There are a number of people in my life -- some family, some friends, some colleagues -- with whom I have never agreed upon anything political. Ever. These are my political opposites. My bizarre-o twins. And they have been my adversaries in countless debates; the kind nobody ever wins, but nobody ever seems to tire of, either...
...But over the last few months, something unprecedented has happened. Almost all these folks have told me that, for the first time ever, they are voting for the same candidate I am: Barack Obama.
Now, these are not casual conservatives. These are people who, each in their own way, are deeply committed to their conservative beliefs. For most, this will be the first time they have voted for a Democrat in their entire lives. And when taken as a whole, they represent a fair cross section of the Republican Party. Some younger, some older. Some fiscally driven, some culturally driven. But almost all, up until now, have been intractable. Yet here we all are, staring down the barrel of a remarkably nasty presidential election, all in a rare moment of agreement. I figured this simply could not be an anomaly. Perhaps this was a groundswell.
I started asking around and found a number of my liberal friends were having a similar experience. So we asked these folks if they would appear on camera and share with the world why they changed. It seemed to me that the most convincing argument a conservative on the fence could hear might not come from a liberal, or even from Obama himself, but instead, from one of their own; a conservative who had crossed over. So we turned on the camera, and they did the rest.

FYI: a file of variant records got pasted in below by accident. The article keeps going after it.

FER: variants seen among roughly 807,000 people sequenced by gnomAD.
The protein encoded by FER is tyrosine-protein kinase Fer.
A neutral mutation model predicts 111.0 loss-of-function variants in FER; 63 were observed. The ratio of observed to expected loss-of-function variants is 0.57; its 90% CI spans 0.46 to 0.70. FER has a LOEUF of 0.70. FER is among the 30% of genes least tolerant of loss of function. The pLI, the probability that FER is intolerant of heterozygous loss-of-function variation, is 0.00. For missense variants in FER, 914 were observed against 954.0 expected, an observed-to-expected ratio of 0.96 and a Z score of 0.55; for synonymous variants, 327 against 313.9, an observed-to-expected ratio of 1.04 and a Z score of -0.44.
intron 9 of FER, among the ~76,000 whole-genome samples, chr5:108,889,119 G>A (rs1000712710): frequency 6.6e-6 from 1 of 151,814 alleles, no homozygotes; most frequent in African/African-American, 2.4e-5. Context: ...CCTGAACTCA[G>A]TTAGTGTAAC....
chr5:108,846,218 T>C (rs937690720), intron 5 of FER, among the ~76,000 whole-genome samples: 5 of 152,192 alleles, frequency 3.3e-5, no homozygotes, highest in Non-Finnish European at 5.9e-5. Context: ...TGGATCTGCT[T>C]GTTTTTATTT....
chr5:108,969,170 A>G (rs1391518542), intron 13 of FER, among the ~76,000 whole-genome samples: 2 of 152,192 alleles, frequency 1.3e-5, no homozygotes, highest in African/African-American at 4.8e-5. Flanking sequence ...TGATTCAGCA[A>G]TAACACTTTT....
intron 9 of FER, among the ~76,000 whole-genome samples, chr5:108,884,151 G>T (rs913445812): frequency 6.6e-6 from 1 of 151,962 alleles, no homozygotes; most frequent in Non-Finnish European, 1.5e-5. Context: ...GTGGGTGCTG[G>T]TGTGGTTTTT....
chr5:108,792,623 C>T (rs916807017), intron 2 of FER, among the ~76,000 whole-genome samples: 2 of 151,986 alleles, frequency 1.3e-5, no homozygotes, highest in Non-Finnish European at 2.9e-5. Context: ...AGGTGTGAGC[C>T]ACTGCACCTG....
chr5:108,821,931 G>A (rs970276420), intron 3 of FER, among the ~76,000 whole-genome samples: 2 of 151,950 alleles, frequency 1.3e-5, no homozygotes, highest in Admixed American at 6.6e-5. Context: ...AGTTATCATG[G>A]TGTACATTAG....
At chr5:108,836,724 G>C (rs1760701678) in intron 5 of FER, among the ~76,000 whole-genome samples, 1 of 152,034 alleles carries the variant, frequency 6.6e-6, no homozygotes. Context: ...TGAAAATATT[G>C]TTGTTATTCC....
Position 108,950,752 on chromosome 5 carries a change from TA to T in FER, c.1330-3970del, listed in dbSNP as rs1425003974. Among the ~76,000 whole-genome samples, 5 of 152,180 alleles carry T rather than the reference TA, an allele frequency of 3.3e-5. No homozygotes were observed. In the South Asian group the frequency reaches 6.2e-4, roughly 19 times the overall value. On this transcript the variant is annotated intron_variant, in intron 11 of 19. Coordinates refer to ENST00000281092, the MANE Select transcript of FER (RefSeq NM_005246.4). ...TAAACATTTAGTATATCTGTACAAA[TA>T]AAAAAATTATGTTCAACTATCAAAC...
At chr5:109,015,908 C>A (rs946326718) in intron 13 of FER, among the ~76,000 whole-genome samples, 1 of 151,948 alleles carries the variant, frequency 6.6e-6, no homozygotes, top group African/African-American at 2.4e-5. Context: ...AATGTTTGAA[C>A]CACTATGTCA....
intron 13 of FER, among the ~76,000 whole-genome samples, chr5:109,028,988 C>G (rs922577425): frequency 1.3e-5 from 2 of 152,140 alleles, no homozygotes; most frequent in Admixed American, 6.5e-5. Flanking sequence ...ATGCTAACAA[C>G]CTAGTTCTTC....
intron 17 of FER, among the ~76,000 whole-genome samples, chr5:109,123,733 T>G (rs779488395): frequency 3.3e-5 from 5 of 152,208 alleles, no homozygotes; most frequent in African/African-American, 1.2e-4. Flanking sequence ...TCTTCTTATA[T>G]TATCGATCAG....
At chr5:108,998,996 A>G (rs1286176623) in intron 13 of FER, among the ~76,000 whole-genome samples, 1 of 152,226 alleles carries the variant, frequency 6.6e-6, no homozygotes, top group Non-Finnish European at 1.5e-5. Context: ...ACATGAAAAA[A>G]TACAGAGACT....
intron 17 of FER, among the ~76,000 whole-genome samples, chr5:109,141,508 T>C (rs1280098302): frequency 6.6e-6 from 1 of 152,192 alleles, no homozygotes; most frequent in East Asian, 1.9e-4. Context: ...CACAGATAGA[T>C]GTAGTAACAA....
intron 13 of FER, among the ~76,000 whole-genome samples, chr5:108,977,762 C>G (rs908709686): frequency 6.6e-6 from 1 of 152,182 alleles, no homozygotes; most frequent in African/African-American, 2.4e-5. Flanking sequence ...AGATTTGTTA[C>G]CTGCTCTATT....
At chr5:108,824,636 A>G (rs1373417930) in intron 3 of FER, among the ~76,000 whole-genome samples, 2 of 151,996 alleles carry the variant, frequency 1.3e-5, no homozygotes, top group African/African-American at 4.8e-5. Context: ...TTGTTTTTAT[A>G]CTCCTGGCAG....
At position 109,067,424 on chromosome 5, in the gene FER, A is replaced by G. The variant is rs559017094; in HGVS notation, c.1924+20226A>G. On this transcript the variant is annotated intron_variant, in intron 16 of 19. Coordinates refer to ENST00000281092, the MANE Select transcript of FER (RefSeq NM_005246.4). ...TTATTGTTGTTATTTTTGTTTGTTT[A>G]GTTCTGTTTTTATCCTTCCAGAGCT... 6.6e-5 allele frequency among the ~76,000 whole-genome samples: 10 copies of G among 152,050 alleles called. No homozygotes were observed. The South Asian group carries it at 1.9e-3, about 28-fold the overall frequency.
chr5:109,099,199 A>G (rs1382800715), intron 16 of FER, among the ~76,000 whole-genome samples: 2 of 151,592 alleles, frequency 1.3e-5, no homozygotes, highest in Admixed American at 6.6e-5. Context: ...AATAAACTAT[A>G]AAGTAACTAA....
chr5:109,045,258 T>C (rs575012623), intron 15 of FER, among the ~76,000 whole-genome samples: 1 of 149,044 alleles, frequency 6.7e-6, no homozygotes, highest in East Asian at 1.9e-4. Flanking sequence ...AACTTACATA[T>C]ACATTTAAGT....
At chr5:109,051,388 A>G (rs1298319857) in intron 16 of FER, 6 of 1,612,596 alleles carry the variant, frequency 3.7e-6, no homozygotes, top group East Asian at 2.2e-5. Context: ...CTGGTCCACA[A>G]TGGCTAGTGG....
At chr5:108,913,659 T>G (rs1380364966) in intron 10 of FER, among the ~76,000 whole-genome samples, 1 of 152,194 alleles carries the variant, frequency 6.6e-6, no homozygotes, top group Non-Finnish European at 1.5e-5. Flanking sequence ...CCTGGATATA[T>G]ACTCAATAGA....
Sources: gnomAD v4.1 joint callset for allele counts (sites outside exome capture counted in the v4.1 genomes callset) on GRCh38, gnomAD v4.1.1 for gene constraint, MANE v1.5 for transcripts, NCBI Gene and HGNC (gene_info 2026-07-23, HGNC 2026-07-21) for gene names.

I find this such a moving piece of video.
Hirshberg is right when he says, "these were more than interviews. These were confessions." These are unscripted pieces, by real people, talking about what it is about McCain that has made them decide not to vote for him - and what it is about Obama that has made them decide to cross over (many for the first time ever) and vote for him instead. It makes for very powerful and emotional viewing.
Seems to me that Obama may be the prefect man at the perfect time.
If Bush hadn't been such an unmitigated disaster, things might have been different. McCain was always going to have an uphill battle to try and distance himself from Bush when he's running for the same party - and has voted with Bush 90% of the time.
But that 10% could have made a difference, particularly with McCain's whole POW/hero/maverick thing going on. And for a long while many Republicans (and some independents and Democrats) seemed to be cool with that, and appeared to be feeling positive about McCain.
But then the McCain campaign seemed to take a wrong turn, and then another, and another.
The Palin pick was an obvious - and enormously important - turning point for many people I think. She's so extreme, and so completely inexperienced, and her part in the campaign has been so mean, and so nasty, that I think it stopped a whole swathe of moderate Republicans, independents and Democrats-for-Hillary in their tracks, and made them think very seriously about the consequences of their vote.
But even then things might have worked out for McCain. After all, Palin had energised the base, and brought the fundamentalists and the neo-cons back into the fold. But then came the economic crisis - and really, that's just about the absolute worst crisis that McCain could have faced, seeing as he's famously said on more than one occasion that economics is not his strong suit.